How to make bad art with a toddler
“Sleeping baby,” the Popple says, thrusting a green crayon into my hand.
I draw this.
“Sleeping bayyybayyy!” she sings. She hands me an orange crayon.
“Orange baby,” she says.
“Awake baby or sleeping baby?” I ask.
I draw another one. She looks down, satisfied.
“Two babies,” she says.
This is what our playtime is like these days. The Popple loves drawing in that toddler way where they scribble aimlessly all over the paper/your table/themselves, but she mostly she wants me to draw things for her.
I can’t draw. As you may have noticed.
My brain likes words. It has no idea what to do with pictures. But there’s no explaining this to an almost two-year-old. When a toddler demands that you draw, you draw.
Thankfully, her artistic demands are mostly simple. She wants me to draw babies, butterflies (‘flies’) and occasionally one of her stuffed animals.
This is Mouse.
This is Fox.
(Despite proclaiming to be a ‘words’ person, I have given my daughter’s stuffed animals totally uncreative names. She has at least three bears that are all called Teddy.)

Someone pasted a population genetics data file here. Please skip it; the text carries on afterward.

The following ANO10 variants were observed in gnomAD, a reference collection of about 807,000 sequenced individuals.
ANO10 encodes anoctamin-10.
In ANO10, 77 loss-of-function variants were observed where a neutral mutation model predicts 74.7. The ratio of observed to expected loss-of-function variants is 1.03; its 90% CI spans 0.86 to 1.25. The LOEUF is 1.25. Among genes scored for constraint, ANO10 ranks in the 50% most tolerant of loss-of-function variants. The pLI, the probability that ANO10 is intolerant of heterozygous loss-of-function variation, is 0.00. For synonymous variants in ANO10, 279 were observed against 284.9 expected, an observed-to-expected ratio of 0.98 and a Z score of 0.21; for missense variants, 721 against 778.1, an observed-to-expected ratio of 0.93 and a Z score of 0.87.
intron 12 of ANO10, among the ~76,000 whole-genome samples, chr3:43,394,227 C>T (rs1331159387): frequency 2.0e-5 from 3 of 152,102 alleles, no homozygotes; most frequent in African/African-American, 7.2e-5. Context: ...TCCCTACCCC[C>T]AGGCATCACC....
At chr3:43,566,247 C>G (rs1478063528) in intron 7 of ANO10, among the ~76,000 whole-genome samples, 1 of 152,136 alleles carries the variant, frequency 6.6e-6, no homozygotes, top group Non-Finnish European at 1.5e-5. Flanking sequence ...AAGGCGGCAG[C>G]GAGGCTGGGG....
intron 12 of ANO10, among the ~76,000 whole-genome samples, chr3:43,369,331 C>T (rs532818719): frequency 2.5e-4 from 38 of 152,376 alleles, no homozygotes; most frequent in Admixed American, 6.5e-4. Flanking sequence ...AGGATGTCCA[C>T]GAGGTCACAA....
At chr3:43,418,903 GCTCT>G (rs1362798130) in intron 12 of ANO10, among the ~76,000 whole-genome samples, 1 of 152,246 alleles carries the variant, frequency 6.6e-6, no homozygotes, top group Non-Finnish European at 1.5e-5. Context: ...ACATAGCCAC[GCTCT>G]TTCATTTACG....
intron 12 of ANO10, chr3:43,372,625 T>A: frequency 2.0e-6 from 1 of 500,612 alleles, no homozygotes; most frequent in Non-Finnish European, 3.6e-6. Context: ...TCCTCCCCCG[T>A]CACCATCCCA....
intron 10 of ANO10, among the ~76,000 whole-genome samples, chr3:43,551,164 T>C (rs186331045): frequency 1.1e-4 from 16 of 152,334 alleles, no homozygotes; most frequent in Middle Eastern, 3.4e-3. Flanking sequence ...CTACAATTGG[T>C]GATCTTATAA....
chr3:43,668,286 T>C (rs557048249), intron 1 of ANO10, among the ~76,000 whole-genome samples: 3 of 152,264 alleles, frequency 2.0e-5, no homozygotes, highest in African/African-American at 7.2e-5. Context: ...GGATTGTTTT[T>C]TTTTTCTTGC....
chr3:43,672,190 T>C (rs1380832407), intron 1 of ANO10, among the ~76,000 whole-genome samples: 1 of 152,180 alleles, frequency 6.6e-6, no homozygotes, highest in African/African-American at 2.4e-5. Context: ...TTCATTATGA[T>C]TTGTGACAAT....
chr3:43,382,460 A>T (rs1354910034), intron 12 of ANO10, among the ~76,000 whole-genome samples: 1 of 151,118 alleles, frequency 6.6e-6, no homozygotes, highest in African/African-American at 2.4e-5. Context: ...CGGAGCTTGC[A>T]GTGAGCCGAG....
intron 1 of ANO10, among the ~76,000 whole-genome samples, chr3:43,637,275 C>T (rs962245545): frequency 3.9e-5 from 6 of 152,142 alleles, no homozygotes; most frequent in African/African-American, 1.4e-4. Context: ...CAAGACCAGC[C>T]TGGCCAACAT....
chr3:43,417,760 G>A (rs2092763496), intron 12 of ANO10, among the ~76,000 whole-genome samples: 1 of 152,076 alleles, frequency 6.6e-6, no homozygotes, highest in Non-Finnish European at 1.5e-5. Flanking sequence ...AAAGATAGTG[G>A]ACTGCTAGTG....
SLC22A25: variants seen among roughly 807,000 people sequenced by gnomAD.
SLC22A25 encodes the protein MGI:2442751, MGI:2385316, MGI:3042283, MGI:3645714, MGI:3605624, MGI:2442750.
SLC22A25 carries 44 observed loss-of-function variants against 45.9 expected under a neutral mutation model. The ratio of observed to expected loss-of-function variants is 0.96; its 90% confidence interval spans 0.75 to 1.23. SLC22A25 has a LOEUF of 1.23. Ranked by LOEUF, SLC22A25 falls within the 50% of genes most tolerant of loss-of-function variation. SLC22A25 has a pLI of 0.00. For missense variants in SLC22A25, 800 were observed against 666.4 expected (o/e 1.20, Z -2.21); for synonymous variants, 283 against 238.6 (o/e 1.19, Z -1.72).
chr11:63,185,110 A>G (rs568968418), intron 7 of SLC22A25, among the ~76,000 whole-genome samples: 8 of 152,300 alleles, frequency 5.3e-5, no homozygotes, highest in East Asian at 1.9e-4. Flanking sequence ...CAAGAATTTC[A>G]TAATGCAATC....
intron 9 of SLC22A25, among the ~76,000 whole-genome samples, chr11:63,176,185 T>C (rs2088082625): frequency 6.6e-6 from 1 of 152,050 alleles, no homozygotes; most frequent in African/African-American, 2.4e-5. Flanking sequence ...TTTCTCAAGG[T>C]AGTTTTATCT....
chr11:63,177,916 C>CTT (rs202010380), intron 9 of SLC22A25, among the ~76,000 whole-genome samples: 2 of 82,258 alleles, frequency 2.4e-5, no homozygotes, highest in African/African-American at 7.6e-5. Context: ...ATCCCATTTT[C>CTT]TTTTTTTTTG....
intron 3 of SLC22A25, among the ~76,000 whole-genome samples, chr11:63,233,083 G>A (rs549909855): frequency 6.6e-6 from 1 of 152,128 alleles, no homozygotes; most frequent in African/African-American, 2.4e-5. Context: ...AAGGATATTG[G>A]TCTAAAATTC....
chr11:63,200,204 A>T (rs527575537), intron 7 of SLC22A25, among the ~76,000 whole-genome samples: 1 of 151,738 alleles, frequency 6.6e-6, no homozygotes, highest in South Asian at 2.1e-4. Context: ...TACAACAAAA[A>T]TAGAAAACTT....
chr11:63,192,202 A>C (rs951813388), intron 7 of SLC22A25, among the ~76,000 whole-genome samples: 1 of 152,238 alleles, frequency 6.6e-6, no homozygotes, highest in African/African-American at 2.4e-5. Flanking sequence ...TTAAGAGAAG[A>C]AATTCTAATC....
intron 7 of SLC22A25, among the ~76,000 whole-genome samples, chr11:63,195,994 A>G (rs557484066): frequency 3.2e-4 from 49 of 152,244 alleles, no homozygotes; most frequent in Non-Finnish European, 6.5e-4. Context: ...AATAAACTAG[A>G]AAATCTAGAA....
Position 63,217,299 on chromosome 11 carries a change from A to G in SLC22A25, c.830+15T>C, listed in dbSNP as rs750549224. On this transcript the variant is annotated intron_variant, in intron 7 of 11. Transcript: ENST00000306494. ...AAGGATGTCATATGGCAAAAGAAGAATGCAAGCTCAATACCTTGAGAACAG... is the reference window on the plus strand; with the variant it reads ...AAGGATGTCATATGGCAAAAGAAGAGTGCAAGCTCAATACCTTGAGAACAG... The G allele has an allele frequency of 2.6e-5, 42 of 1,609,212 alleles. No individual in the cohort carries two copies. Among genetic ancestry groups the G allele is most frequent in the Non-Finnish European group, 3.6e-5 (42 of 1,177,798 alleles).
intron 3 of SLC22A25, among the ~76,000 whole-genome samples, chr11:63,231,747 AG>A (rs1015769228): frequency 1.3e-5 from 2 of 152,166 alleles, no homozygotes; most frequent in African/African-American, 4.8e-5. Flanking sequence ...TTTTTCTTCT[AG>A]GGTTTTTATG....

She has no idea that my drawings are crap. She sometimes even applauds my efforts before scribbling all over them and making her favourite, most insistent demand:
She is obsessed with counting, and loves nothing more than to watch me write the numbers 1-10. I must do red ten. Blue ten. Pink ten. Big ten. ESPECIALLY big ten. We count in both English and Spanish, occasionally skipping straight to the good stuff.
At the end of the day, our papers are covered in what looks like the scrawls of a madman, all numbers and swirls and star-fished sleeping babies. It occurs to me that this mess probably makes total sense to her, which seems about right, because toddlers are mad.
I throw them in the bin, ready to start again the next day.